These devices assist in stopping the rope when a climber falls or hangs on the rope.

Brake Assist belay device example

Often referred to as “auto-blocking” but that’s not the official terminology because no belay device should be assumed to work automatically by itself, even if it feels like it does (or does most the time).

Plate

When simplicity is a must, or you started climbing before Tubers were the norm. Bonus: They tend to be very light weight.

Plate belay device example

Descender

For rappelling, not for belaying a lead climber or top-roping.

Descender example
Brake Assist
Weight (g)

Weight (g)

In grams, the weight, as stated by the manufacturer/brand.

200 g
Guide Mode

Guide Mode

This is when you belay directly off the anchor instead of your harness. Guide mode is helpful if you climb outdoors a lot because it reduces the holding power required from the belayer. When your partner falls or rests, the weight of the climber is held mostly by the anchor and the belay device.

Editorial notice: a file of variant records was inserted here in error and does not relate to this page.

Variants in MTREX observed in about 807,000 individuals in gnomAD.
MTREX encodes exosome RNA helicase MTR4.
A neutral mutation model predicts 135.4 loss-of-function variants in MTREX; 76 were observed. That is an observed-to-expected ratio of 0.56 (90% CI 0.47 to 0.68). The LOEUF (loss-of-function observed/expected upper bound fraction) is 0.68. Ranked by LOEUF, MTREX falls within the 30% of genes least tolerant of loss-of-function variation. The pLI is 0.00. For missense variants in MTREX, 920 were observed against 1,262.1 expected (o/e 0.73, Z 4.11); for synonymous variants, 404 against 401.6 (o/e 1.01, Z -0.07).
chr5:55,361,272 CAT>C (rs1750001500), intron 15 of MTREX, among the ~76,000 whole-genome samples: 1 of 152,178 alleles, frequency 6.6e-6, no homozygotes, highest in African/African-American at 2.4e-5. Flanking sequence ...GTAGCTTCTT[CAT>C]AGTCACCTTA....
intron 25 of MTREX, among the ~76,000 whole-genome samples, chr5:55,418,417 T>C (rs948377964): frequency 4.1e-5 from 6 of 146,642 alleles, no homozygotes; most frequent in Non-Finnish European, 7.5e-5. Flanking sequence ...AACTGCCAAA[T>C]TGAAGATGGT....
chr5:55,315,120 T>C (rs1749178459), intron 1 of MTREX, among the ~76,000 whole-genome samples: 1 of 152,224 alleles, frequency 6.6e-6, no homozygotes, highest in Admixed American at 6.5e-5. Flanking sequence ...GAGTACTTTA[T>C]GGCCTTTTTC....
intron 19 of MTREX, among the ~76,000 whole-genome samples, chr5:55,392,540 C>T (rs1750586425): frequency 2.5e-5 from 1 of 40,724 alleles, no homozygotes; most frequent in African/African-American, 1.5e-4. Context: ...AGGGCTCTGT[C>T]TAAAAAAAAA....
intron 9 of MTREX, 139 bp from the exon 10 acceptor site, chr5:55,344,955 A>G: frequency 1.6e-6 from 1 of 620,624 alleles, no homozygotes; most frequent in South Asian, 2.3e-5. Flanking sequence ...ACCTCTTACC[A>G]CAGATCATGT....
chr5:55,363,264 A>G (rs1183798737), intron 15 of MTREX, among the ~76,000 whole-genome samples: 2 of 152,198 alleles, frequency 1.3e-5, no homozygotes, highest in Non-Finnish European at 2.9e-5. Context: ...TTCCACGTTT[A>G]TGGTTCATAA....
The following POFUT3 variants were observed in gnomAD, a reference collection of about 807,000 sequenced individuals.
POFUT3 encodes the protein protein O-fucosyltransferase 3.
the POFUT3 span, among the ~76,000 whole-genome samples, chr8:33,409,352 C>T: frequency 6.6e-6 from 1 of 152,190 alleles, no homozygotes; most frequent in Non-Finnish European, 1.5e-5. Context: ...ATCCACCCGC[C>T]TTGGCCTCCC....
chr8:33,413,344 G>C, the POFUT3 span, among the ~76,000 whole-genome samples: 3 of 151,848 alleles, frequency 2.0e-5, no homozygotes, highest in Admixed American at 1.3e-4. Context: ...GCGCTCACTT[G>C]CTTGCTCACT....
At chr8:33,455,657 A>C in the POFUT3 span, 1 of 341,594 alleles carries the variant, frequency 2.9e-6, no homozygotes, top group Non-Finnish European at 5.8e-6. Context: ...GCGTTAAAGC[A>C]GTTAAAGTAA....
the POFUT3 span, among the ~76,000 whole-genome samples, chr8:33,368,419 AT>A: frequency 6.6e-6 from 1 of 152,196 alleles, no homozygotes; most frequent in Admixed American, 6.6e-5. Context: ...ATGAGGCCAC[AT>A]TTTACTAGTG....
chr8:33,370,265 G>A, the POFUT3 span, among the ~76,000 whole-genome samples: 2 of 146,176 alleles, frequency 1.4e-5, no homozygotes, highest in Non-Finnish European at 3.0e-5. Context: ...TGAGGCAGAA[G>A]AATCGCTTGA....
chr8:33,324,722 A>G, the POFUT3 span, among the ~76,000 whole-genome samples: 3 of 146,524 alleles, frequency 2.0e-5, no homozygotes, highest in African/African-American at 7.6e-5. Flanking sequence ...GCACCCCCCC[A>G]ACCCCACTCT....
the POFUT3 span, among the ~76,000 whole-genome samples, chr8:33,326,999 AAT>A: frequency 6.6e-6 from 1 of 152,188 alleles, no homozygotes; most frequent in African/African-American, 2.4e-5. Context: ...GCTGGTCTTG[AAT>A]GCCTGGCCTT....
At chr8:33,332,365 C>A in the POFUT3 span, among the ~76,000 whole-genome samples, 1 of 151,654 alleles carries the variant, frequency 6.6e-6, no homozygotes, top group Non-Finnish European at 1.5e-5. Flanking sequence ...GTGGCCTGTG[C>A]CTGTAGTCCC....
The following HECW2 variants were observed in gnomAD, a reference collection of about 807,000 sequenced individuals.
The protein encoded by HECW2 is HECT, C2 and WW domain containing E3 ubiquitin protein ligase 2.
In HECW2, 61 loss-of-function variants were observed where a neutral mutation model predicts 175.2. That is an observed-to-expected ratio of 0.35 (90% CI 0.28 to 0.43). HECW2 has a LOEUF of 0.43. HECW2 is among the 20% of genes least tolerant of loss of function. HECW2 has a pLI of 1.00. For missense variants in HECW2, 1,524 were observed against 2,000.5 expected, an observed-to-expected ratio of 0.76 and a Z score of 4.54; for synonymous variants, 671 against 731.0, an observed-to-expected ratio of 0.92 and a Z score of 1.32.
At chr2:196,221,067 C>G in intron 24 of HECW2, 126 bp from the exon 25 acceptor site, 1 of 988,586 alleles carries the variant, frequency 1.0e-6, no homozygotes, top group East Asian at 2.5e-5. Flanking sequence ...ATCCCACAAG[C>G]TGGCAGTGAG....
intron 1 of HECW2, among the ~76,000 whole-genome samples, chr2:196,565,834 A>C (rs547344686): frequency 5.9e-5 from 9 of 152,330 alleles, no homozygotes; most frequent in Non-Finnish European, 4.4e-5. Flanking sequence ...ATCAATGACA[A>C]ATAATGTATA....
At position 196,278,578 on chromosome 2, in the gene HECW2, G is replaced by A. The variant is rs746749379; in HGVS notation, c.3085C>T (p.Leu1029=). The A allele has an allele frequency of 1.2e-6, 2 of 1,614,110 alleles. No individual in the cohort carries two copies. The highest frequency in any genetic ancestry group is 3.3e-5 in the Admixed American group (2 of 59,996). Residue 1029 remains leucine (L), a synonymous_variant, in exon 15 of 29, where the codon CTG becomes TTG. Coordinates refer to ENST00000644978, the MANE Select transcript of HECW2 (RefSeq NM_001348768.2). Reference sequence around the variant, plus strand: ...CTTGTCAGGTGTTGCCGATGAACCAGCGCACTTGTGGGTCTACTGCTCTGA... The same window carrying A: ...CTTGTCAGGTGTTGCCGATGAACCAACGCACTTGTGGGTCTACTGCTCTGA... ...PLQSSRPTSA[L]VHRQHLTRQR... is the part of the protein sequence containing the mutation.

Tubers and Plates

When belaying in "guide mode," the tubers and plates turn auto-blocking. During a fall, the climbing rope pinches the slack rope, completely stopping the movement of either rope. A common guide mode setup shown below.

A double rope tubular device guide mode example

Mechanical Brake Assist Devices

There is no difference in the functionality of the device. A brake-hand should always be on the rope to ensure the climber is caught in the case of a fall. A common guide mode setup shown below.

A single rope mechanical brake assist guide mode example

Where guide mode is used

  • multi-pitch sport or trad climbs
  • single-pitch where you need to bring up a follower (say for a walk-off)

Learn More

http://www.climbing.com/skill/essential-skills-auto-blocking-belay-devices/

1 follower only
Teeth

Teeth

Teeth are only seen on tube devices. They add friction that helps grip the rope for more belaying control.

This is helpful for belaying heavier climbers. Teeth are becoming standard on new tube devices.

The belay device teeth are shown in the red circle

Worth Considering

Teeth do wear out. You can limit wear by rappelling on the side without teeth (if you don’t need the extra friction). Once they’re worn, you’ll still have a usable belay device, just less friction.

No
Belay Brake Assist

Belay Brake Assist

This is when the belay device significantly reduces the amount of holding power the belayer must exert to stop a fall and hold a climber.